Remember The Basics: Reflection

As many know, New Jersey public schools enjoy a week long Spring break somewhere around Easter. This is a great opportunity to pause, take walks, and truly reflect on professional practice…which I have done. When you think about it, we have completed approximately three marking periods or, if you don’t think by an academic calendar, one quarter of the year. Either way, continual reflection is a necessity in order to operate productively and this is a perfect time to do it especially in academia as we are beginning to close out the year and take stock of much needed improvements.

So how should we account for our success or more importantly less than desirable results? As I was recently reminded while doing my dissertation research and writing, frameworks or professional standards help us to identify where to begin the conversation. They are a point of departure, the talking points, and a place to rate or align our recent activities.

The point isn’t to have someone else or a set of mere words, whether it be an organization or expert, determine whether we have been doing an effective job. What we do as knowledge workers is generally so specialized to the exact organization and time period that no one can accurately “slap an approved sticker” on our recent activities unless they have personally been involved. That said, we cannot really do the same ourselves without putting a “severely biased sticker”  on the assessed results. As much as someone on the outside doesn’t have a thorough enough perspective, we are equally incapable due to our deep involvement. What are we to do?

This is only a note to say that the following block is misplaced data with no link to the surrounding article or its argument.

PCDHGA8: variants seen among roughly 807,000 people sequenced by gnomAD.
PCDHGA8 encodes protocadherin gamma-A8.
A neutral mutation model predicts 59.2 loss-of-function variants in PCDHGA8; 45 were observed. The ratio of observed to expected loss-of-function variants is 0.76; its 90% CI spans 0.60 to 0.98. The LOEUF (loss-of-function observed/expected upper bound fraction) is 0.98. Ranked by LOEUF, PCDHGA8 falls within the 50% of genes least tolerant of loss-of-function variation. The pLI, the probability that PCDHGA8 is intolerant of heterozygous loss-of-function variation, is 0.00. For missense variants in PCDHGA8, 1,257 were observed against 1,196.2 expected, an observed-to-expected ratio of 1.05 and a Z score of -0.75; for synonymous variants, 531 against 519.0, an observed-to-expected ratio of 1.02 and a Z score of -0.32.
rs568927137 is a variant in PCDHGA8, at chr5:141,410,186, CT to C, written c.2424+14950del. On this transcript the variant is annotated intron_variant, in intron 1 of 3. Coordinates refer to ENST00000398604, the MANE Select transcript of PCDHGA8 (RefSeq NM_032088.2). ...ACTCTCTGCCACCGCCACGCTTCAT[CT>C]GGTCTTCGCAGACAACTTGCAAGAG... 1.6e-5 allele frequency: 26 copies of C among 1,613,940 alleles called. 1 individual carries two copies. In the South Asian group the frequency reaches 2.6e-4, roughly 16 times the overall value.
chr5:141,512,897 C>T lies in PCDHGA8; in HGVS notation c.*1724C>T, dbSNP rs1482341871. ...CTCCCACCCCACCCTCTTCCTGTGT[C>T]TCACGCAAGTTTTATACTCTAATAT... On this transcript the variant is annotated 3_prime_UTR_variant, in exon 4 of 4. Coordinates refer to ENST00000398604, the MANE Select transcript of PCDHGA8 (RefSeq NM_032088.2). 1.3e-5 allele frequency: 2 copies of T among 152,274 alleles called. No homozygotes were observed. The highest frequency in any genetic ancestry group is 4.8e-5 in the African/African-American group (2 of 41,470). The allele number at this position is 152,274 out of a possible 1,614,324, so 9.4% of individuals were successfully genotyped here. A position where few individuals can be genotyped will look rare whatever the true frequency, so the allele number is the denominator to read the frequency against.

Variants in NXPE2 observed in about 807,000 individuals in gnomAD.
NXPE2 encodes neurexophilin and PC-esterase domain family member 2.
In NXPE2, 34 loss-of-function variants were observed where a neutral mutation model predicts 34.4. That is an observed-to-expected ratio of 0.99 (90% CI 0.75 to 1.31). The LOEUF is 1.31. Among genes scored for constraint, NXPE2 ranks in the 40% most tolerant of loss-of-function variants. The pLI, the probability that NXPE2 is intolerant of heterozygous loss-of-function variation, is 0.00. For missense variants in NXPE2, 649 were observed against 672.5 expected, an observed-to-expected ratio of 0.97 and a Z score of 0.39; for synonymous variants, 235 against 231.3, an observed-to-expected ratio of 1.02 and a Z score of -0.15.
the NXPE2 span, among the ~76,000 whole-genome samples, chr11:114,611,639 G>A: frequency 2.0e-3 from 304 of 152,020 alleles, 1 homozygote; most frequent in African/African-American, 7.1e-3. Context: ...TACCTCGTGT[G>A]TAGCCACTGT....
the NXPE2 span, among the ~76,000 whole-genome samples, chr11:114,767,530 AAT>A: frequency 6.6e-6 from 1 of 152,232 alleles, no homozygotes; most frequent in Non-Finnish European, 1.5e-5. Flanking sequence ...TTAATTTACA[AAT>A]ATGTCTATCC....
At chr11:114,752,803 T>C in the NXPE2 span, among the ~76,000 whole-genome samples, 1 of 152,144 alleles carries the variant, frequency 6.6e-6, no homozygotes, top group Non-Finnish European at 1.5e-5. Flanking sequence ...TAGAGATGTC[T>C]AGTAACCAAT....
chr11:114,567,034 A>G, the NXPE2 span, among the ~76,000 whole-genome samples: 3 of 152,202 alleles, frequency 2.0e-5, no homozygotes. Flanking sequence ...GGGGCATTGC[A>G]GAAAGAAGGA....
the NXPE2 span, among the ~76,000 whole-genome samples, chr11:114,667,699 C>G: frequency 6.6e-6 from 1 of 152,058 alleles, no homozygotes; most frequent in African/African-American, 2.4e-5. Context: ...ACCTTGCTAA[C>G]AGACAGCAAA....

This is where aligning ourselves with what many experts have determined to be the best practices come into play. As I indicated earlier, this is not the end all, but a place to launch thoughts and conversations inside our brains. I also stress the word many in the first sentence of this paragraph. A multitude of perspectives attempts to avoid a too narrow approach and a resulting skewed assessment. Look to several organizations, experts, and even colleagues within your own work environment. Analyze what has made them successful.

Examples of these kinds of resources are the International Society for Technology in Education (ISTE) and their NETS for administrators, teachers, coaches, and technology teachers. For the learning and development people who are creating educational experiences, frameworks such as the Technology Pedagogical Content Knowledge (TPCK) or Levels of Teaching Innovation (LoTi) are also great for the consumption. You can also look to general thought processes like the ones at Partnership for 21st Century Skills and the 4 C’s…creativity, communication, collaboration, and critical thinking. A great pool of experts who talk the talk and walk the walk can be found at Ian Jukes’ site.

When time permits and you get a moment to slow your brain down, reflect on your last couple of months…then react and implement personal change. It is the spirit of education and the quest of life long learners. Happy thinking!

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